What is the best wine to use for cooking when the recipe calls for "white wine"?

This is a baked chicken dish.

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8 Comments

cranberry January 22, 2012
For chicken, I too would use dry white vermouth. It is unlikely to cause problems in the finished dish, regardless of the sauce or other seasonings.
 
Sam1148 January 21, 2012
We don't drink much wine here. So for cooking I get a couple of the little "six packs" of white and red. Which are perfect for cooking..and store very well as a large bottle would go bad for using just a cup or so in a recipe.
 
Melusine January 21, 2012
I agree with Susan G - a bottle of dry vermouth is always within reach of my stovetop for deglazing a skillet. There's no guessing on the flavor it will add, it doesn't go bad, so there's no waste.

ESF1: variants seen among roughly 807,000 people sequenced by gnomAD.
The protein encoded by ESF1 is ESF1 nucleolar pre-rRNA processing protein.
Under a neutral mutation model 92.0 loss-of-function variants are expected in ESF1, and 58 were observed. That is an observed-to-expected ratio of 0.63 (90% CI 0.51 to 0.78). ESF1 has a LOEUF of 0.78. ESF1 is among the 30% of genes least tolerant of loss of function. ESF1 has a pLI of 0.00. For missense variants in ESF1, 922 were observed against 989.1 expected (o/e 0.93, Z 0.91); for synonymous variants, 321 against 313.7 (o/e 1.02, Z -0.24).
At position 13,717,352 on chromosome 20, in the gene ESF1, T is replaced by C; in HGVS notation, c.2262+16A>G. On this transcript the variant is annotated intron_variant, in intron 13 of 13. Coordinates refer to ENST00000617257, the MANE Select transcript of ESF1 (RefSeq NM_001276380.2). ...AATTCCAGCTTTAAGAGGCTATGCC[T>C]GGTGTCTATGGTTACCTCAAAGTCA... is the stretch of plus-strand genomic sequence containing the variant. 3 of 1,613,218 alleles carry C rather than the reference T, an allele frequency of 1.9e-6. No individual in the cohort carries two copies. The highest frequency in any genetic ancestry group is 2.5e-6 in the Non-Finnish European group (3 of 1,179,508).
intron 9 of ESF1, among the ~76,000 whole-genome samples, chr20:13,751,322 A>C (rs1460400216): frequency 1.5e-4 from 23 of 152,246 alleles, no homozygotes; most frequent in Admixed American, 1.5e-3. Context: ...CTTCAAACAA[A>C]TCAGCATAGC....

susan G. January 21, 2012
If the amounts are significant and the role in the recipe is central, follow the answers already given. If not, I keep a dry and a sweet vermouth as a regular wine stand in. It's a good keeper, and inexpensive.
 
usuba D. January 21, 2012
Depends . . for example, a high acidic wine is best to bind anything with cheese (such as a fondue), but will curdle cream instantly. Think of the ingredients to match the wine you cook with. Higher quality wine is not always going to make the dish better, in fact, a cheaper wine that may have a distinct characteristic that gives it an imbalance for drinking, will actual give a kick to the dish you are creating.
 
KimW January 21, 2012
I keep an unoaked Chardonnay on hand for cooking. Find an inexpensive one that you like and buy a couple of bottles.
 
hardlikearmour January 21, 2012
I typically use a Savignon Blanc aka Fumé Blanc. You're looking for a dry, crisp wine for cooking.
 
AmyRuth January 21, 2012
I always use wine I would like to drink.... if that helps you
 
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